Change doesn't happen all at once with proclamations of the powerful. It happens one email, one tweet, one conversation, one letter, one op-ed, one interview, one moment of bravery at a time. And that is the story of Doctors for America - of doctors, medical students, and supporters across the country who have built this movement together.
We have a lot of work ahead of us to create the change we all want to see in the world around us. We have learned so much from this campaign that will make us stronger and more powerful in the coming years as we keep speaking up for the health of our patients and our communities.
But for today, I want to say from the bottom of my heart: THANK YOU. Thank you for all you've done to make this day possible. And most of all, thank you for believing that your voice can make a difference. Because it has.
As you gather with your friends and family this Thanksgiving, there is no better time to reflect on the millions of Americans finally getting the coverage they need and deserve and to help spread the word to the millions more eligible for new coverage during this open enrollment period.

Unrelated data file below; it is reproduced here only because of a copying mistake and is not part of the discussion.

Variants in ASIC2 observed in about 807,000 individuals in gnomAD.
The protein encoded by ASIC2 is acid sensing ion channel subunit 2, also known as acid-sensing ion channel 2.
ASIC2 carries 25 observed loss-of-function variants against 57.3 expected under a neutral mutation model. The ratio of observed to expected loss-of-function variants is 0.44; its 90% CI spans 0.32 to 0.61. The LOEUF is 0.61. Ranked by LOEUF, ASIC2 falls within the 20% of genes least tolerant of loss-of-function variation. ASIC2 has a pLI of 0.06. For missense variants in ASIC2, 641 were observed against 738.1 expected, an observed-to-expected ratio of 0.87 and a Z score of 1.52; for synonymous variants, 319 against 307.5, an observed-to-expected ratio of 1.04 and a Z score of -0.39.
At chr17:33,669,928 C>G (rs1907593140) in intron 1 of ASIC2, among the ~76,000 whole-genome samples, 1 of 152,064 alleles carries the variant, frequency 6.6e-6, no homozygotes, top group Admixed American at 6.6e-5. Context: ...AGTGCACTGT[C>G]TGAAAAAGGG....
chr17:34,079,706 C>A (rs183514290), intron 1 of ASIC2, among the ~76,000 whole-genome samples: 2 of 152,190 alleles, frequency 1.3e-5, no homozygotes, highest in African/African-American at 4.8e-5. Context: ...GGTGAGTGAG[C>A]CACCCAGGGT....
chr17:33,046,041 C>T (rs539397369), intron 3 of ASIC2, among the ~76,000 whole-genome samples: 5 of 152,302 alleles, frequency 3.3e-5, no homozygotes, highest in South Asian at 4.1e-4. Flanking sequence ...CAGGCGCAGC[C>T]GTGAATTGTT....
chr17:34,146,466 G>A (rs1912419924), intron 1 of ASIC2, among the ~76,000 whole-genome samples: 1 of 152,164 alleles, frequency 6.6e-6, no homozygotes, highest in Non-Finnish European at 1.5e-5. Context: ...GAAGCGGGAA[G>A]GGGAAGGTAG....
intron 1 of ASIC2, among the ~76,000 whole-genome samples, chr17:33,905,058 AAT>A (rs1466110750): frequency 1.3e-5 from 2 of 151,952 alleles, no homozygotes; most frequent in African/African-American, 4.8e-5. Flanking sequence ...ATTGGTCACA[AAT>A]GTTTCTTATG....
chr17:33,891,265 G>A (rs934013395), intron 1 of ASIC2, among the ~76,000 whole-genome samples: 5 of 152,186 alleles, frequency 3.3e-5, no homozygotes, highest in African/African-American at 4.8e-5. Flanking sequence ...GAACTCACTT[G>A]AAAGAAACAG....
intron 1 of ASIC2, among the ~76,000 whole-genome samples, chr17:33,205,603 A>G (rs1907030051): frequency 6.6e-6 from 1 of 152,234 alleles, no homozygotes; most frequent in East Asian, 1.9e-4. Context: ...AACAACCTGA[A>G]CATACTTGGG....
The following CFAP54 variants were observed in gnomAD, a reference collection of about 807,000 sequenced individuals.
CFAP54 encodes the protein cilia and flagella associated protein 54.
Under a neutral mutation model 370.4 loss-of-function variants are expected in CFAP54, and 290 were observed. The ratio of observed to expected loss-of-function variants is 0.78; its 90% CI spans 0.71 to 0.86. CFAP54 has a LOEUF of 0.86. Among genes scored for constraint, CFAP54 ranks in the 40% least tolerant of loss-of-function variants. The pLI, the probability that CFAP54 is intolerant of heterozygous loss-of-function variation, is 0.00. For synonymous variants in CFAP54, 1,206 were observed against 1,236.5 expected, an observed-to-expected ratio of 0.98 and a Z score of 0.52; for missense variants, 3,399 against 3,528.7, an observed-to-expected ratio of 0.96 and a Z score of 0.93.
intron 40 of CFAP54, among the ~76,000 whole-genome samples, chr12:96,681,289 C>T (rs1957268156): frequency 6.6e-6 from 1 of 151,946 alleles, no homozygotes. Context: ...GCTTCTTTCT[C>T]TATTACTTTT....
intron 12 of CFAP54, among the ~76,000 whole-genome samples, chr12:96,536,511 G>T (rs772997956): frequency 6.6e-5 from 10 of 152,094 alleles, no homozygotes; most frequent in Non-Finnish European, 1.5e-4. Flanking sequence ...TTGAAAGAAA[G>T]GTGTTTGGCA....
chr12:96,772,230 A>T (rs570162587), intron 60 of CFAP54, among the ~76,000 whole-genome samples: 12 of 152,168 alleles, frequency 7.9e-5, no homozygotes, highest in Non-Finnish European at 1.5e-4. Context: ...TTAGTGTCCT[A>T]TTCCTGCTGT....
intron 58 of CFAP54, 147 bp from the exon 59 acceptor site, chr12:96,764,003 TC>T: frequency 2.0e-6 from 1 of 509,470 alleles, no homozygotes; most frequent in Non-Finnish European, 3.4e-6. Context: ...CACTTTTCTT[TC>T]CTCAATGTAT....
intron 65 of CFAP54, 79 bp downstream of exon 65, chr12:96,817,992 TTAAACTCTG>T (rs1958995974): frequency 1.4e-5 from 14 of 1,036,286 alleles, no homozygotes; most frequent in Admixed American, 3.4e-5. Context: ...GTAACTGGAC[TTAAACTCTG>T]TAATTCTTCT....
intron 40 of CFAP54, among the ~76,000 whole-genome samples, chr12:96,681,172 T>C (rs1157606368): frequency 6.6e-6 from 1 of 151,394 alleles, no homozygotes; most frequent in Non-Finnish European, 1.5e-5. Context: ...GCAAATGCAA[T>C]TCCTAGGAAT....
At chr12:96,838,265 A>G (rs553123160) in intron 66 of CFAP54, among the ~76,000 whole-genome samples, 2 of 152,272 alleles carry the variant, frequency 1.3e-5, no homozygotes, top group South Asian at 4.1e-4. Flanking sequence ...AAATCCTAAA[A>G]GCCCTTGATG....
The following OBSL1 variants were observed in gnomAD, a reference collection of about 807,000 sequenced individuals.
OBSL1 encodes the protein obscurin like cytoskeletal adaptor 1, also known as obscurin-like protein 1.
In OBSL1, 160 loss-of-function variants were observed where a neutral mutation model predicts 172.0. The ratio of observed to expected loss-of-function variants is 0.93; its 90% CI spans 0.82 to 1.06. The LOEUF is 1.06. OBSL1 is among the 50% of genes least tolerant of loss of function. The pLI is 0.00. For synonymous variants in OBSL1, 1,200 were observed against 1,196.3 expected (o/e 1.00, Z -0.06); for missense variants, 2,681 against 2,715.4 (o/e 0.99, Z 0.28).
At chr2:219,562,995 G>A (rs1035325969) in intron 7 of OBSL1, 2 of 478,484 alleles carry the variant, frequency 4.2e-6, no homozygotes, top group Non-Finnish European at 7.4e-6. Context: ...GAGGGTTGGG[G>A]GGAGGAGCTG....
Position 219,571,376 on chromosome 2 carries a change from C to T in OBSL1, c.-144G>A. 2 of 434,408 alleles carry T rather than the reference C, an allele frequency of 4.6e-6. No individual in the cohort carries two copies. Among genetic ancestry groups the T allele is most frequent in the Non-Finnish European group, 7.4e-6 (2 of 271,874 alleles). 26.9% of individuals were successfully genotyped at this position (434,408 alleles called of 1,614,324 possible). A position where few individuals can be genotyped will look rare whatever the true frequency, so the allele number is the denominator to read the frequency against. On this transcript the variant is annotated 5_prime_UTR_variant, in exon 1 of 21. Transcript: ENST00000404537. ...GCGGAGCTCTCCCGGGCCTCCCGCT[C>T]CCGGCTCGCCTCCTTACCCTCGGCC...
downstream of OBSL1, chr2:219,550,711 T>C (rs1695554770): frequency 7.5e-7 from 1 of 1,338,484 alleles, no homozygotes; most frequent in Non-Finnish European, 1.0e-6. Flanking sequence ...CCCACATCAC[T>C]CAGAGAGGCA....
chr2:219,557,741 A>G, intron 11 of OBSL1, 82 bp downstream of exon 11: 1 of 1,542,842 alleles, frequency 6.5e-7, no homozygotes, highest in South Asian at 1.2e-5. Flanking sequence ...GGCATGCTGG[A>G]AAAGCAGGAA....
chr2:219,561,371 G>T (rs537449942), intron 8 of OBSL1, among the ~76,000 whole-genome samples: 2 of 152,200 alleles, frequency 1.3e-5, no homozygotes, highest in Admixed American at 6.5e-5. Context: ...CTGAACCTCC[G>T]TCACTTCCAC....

Last year, a friend, who had previously been unable to afford health insurance due to pre-existing conditions, was finally able to get it through the ACA marketplace. He raises cattle here in Oklahoma, so he had no access to employer-based insurance. For the first time, he does not live in constant fear of losing everything due to medical bills. He finally has peace of mind and financial security, and even the ability to get all his prescription medications filled every month. That's a lot to be thankful for, and he is.